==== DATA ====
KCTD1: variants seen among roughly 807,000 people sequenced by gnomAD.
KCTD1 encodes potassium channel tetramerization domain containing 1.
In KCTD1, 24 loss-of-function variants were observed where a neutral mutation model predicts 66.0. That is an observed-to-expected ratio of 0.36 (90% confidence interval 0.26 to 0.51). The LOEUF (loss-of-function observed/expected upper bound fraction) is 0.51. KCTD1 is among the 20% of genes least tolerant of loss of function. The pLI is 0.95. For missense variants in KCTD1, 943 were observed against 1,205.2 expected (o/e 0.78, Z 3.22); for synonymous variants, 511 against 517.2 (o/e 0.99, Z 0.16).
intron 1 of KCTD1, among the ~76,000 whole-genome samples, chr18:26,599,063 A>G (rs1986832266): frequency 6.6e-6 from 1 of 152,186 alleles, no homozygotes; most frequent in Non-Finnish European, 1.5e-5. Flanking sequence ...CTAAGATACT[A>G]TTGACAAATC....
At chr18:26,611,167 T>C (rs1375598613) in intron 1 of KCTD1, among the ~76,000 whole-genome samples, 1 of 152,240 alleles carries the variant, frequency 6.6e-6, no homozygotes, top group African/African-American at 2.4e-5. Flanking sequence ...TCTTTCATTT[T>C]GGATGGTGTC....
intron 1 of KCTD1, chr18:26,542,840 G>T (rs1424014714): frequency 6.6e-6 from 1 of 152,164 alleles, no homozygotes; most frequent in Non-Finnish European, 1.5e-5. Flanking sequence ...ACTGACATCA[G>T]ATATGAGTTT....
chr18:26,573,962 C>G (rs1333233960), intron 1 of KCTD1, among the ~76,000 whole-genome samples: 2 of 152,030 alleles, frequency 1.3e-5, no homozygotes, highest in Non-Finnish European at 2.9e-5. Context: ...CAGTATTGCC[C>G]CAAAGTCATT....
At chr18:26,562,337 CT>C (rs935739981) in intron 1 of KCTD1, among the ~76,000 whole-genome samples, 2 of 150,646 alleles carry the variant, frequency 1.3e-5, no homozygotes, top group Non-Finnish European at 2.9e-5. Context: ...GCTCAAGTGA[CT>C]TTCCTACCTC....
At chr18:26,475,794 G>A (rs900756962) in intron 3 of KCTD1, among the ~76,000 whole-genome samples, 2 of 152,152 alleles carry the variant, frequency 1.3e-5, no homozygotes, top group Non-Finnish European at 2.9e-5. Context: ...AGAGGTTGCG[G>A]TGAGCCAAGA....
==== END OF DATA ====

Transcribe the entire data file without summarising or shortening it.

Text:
KCTD1: variants seen among roughly 807,000 people sequenced by gnomAD.
KCTD1 encodes potassium channel tetramerization domain containing 1.
In KCTD1, 24 loss-of-function variants were observed where a neutral mutation model predicts 66.0. That is an observed-to-expected ratio of 0.36 (90% confidence interval 0.26 to 0.51). The LOEUF (loss-of-function observed/expected upper bound fraction) is 0.51. KCTD1 is among the 20% of genes least tolerant of loss of function. The pLI is 0.95. For missense variants in KCTD1, 943 were observed against 1,205.2 expected (o/e 0.78, Z 3.22); for synonymous variants, 511 against 517.2 (o/e 0.99, Z 0.16).
intron 1 of KCTD1, among the ~76,000 whole-genome samples, chr18:26,599,063 A>G (rs1986832266): frequency 6.6e-6 from 1 of 152,186 alleles, no homozygotes; most frequent in Non-Finnish European, 1.5e-5. Flanking sequence ...CTAAGATACT[A>G]TTGACAAATC....
At chr18:26,611,167 T>C (rs1375598613) in intron 1 of KCTD1, among the ~76,000 whole-genome samples, 1 of 152,240 alleles carries the variant, frequency 6.6e-6, no homozygotes, top group African/African-American at 2.4e-5. Flanking sequence ...TCTTTCATTT[T>C]GGATGGTGTC....
intron 1 of KCTD1, chr18:26,542,840 G>T (rs1424014714): frequency 6.6e-6 from 1 of 152,164 alleles, no homozygotes; most frequent in Non-Finnish European, 1.5e-5. Flanking sequence ...ACTGACATCA[G>T]ATATGAGTTT....
chr18:26,573,962 C>G (rs1333233960), intron 1 of KCTD1, among the ~76,000 whole-genome samples: 2 of 152,030 alleles, frequency 1.3e-5, no homozygotes, highest in Non-Finnish European at 2.9e-5. Context: ...CAGTATTGCC[C>G]CAAAGTCATT....
At chr18:26,562,337 CT>C (rs935739981) in intron 1 of KCTD1, among the ~76,000 whole-genome samples, 2 of 150,646 alleles carry the variant, frequency 1.3e-5, no homozygotes, top group Non-Finnish European at 2.9e-5. Context: ...GCTCAAGTGA[CT>C]TTCCTACCTC....
At chr18:26,475,794 G>A (rs900756962) in intron 3 of KCTD1, among the ~76,000 whole-genome samples, 2 of 152,152 alleles carry the variant, frequency 1.3e-5, no homozygotes, top group Non-Finnish European at 2.9e-5. Context: ...AGAGGTTGCG[G>A]TGAGCCAAGA....